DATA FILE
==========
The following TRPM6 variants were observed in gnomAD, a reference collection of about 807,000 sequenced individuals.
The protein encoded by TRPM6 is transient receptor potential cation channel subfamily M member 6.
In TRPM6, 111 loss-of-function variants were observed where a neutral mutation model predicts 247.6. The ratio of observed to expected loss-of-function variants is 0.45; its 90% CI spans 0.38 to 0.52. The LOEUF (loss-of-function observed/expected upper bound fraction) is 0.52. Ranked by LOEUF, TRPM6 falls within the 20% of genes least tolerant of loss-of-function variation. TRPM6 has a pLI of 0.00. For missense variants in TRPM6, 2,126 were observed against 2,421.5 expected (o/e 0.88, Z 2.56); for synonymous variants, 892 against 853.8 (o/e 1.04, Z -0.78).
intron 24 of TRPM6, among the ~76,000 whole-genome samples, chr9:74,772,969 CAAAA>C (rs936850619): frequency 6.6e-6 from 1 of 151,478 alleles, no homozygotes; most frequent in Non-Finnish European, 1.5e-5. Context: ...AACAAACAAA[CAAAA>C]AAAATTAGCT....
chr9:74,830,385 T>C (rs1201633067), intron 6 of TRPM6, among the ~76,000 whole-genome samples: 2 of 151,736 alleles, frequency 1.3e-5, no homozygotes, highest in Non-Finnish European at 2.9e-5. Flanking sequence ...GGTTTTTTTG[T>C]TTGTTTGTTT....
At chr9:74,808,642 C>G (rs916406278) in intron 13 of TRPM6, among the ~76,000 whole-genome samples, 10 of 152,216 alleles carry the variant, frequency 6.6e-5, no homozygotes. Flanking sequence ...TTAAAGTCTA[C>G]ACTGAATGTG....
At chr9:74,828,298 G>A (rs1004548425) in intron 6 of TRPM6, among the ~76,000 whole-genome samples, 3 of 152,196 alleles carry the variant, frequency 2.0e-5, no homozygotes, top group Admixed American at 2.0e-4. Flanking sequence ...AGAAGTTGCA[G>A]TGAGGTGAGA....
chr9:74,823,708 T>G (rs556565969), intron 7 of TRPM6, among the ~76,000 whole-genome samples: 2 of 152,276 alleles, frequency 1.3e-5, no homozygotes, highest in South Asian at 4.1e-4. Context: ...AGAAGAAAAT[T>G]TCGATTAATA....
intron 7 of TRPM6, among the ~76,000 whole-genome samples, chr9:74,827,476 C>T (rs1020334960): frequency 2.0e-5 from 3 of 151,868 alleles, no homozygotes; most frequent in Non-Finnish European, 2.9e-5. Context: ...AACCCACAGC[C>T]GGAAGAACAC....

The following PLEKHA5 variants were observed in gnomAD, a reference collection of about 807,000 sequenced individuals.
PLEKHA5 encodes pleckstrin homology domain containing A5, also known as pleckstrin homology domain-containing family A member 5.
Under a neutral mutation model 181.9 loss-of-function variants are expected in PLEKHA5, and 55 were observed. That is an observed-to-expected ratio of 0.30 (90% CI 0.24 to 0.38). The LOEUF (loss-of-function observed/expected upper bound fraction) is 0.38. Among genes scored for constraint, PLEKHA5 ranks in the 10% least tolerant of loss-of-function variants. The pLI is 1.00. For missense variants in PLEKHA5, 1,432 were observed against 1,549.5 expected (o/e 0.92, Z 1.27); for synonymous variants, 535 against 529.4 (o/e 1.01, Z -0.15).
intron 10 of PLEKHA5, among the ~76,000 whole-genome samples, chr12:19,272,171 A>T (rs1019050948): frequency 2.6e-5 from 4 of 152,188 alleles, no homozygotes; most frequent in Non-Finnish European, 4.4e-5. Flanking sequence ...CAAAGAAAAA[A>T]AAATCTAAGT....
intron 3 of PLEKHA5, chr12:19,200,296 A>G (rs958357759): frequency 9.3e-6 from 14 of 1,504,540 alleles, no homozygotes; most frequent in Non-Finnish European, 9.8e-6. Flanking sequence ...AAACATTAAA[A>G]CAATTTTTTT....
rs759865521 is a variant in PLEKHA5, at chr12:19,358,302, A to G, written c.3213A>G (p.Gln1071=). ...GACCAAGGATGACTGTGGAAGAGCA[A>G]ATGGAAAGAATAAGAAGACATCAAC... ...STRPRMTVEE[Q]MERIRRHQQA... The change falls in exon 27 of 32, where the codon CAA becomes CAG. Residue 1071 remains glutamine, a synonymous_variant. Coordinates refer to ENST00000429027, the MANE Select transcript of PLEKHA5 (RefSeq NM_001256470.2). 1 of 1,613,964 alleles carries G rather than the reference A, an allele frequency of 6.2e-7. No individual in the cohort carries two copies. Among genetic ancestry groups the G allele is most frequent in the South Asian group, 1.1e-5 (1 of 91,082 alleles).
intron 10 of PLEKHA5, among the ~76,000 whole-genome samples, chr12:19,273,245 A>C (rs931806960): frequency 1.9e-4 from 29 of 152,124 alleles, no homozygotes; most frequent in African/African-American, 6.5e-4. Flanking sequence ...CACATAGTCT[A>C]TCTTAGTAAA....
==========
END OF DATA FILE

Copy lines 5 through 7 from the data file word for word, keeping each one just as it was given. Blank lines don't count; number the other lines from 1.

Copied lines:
chr9:74,830,385 T>C (rs1201633067), intron 6 of TRPM6, among the ~76,000 whole-genome samples: 2 of 151,736 alleles, frequency 1.3e-5, no homozygotes, highest in Non-Finnish European at 2.9e-5. Flanking sequence ...GGTTTTTTTG[T>C]TTGTTTGTTT....
At chr9:74,808,642 C>G (rs916406278) in intron 13 of TRPM6, among the ~76,000 whole-genome samples, 10 of 152,216 alleles carry the variant, frequency 6.6e-5, no homozygotes. Flanking sequence ...TTAAAGTCTA[C>G]ACTGAATGTG....
At chr9:74,828,298 G>A (rs1004548425) in intron 6 of TRPM6, among the ~76,000 whole-genome samples, 3 of 152,196 alleles carry the variant, frequency 2.0e-5, no homozygotes, top group Admixed American at 2.0e-4. Flanking sequence ...AGAAGTTGCA[G>A]TGAGGTGAGA....